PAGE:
Friday, March 7, 2014
The Mainland Affairs Council (MAC) said yesterday that a meeting between President Ma Ying-jeou and the leader of mainland China would fall under the category of “cross-strait” affairs as opposed to “international” or “domestic” affairs.
People say no news is good news. But in an age when a minor starlet's tweet celebrating her discovery of NT$200 in her jacket pocket can make the news, there is no such thing as no news. The public can only hope for the second best thing and sometimes that is boring news.
Thursday, March 6, 2014
Trong Chai, a Democratic Progressive Party legislative who died in January, is known better as Chai Gong-tou (蔡公投) or Referendum Chai, because he had advocated a referendum to create a Republic of Taiwan. He found an heir in Tsay Ting-kuei, a retired National Taiwan University professor who founded the Taiwan Referendum Alliance (公投護台灣聯盟). Literally translated, the TRA is the Alliance for Safeguarding Taiwan by Referendum.
Wednesday, March 5, 2014
Taiwan has always been one of the world's baseball powerhouses.
Tuesday, March 4, 2014
The number of rentals of Taipei's bike-sharing scheme surged 10 times last year compared with 2012, according to the city's Department of Budget, Accounting and Statistics. The YouBike system has now grown to 136 rental stations, with 4,545 bikes available for hire scattered around the city, up from 11 stations and 500 bikes for rent in 2009.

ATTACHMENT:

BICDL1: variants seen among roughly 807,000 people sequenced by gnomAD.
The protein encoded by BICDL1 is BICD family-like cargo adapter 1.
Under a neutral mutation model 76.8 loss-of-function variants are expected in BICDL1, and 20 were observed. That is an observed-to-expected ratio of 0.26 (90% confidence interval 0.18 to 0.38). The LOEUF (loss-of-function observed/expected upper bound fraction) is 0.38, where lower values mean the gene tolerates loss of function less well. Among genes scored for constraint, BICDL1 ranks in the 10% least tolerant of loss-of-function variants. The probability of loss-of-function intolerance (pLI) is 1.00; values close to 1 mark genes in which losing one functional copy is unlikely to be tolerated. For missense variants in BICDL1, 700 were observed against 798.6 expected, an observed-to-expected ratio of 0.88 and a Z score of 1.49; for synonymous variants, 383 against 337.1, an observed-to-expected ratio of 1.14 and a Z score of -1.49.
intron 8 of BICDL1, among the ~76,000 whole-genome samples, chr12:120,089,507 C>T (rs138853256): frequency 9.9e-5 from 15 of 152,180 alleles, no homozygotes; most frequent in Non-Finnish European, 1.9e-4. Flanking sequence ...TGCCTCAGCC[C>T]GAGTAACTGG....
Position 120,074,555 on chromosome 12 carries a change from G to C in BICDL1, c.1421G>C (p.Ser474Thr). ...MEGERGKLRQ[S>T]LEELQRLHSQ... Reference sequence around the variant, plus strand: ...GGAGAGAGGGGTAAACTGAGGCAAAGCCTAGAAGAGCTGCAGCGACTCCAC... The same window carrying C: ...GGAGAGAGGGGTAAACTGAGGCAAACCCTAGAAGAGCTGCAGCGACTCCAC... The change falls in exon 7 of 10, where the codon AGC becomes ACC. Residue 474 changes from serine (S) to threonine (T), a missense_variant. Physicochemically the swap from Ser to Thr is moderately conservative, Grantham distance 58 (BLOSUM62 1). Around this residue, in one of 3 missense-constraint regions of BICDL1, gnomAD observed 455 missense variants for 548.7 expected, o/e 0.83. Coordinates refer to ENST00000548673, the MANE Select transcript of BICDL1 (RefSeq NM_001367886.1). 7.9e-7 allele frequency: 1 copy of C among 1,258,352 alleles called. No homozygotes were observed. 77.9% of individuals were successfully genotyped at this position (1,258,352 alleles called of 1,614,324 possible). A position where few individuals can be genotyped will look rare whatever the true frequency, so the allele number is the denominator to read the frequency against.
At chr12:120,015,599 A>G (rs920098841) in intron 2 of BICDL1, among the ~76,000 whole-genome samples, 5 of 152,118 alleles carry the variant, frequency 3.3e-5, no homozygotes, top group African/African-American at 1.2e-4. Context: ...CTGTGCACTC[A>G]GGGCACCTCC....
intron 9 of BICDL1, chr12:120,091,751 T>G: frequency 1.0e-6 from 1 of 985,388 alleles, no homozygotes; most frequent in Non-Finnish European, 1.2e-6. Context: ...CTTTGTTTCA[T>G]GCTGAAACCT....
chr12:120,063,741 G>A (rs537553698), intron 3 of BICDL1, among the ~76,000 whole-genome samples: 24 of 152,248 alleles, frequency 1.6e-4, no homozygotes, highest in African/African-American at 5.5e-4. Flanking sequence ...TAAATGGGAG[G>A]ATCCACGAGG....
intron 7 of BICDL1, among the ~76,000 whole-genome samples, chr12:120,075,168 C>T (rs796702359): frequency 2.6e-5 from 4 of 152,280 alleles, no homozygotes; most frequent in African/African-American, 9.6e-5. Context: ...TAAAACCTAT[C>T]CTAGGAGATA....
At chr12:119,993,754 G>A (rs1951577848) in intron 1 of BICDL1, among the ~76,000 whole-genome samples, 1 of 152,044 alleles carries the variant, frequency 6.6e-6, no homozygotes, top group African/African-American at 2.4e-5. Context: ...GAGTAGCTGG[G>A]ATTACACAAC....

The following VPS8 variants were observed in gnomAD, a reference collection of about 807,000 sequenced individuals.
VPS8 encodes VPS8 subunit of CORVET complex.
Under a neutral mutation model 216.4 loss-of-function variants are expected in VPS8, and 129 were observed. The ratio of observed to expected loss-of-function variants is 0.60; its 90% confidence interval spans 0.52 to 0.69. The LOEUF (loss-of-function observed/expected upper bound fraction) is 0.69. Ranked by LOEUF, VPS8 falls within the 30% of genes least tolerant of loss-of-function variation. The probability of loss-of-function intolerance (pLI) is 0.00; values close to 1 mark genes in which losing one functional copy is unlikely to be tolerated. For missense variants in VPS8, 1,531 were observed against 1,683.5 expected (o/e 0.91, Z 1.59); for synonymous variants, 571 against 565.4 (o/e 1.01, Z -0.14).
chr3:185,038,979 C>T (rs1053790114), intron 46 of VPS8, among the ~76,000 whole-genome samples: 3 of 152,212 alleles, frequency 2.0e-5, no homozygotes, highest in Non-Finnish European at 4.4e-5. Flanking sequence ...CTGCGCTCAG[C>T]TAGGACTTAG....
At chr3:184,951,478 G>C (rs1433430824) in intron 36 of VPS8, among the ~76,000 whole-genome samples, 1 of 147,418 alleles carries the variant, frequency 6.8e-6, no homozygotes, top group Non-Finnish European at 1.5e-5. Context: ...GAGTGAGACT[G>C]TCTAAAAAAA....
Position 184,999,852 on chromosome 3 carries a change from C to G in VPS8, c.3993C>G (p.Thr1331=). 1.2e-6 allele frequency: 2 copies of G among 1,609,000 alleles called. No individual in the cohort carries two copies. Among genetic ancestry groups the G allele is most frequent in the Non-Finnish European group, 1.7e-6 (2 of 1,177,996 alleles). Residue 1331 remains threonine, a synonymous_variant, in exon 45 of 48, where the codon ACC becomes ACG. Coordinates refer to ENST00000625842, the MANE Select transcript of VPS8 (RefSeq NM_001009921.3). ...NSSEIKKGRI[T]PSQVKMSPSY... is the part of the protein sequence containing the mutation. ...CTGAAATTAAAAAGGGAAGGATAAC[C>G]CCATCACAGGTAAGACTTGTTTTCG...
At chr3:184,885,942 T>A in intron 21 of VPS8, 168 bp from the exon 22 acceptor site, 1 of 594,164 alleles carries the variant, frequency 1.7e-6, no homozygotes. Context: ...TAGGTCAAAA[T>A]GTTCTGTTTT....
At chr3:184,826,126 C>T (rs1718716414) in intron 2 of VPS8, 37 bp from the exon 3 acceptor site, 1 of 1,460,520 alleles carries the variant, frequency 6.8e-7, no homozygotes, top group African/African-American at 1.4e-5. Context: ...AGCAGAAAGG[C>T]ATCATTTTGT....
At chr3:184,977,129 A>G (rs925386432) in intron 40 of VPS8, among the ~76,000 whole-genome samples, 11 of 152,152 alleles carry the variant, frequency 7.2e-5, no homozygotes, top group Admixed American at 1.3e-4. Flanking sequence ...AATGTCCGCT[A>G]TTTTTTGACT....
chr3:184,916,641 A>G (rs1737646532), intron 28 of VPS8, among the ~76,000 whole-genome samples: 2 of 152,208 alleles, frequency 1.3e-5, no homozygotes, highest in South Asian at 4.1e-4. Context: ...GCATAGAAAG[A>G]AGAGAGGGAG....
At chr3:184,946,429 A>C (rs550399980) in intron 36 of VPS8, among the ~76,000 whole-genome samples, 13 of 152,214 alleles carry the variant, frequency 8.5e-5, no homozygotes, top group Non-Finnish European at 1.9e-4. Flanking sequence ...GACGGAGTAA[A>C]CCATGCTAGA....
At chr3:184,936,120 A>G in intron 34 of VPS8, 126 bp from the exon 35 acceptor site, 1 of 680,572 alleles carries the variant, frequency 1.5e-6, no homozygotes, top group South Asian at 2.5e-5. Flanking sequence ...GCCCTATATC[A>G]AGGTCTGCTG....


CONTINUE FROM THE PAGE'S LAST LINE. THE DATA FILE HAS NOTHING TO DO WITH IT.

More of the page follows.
Monday, March 3, 2014
With the recent conclusion of the Sochi Olympics, people have probably gotten over the various supposed signs that Sochi was not ready for the event. It is all well and good now that a missing floor in a hotel, stray dogs, workers sleeping in rooms and a general state of unkemptness have been overcome. There is one anecdote that deserves closer scrutiny, however.
Sunday, March 2, 2014
Forget about all the alleged intrigue behind the latest Cabinet reshuffle. Let's turn our focus to how much the new government line-up can deliver on President Ma Ying-jeou and Premier Jiang Yi-huah's promises., 1 Comment
Saturday, March 1, 2014
While it is known as the First World War, the war of 1914 to 1918 has widely been seen as a faraway conflict from a long-past era in Asia. The war's centennial this year would probably pass by with ceremonial (but scarce) notice in the continent had it not been used as a historical background to highlight the tense regional relations between Japan and China by the Japanese Prime Minister Shinzo Abe.
Friday, February 28, 2014
Unlike in the United States, Taiwan's TV news channels pay very little attention to local college basketball unless it is something scandalous. Last Thursday, almost all local TV news channels reported on a University Basketball Association (UBA) matchup. It was, of course, not because a player had scored 50 points or had a triple-double, but because of a scandalous bench-clearing brawl.
Thursday, February 27, 2014
On Dec. 15, 1978, U.S. President Jimmy Carter appeared on national television to tell the nation of his decision to establish diplomatic relations with the People's Republic of China on Jan. 1 the following year.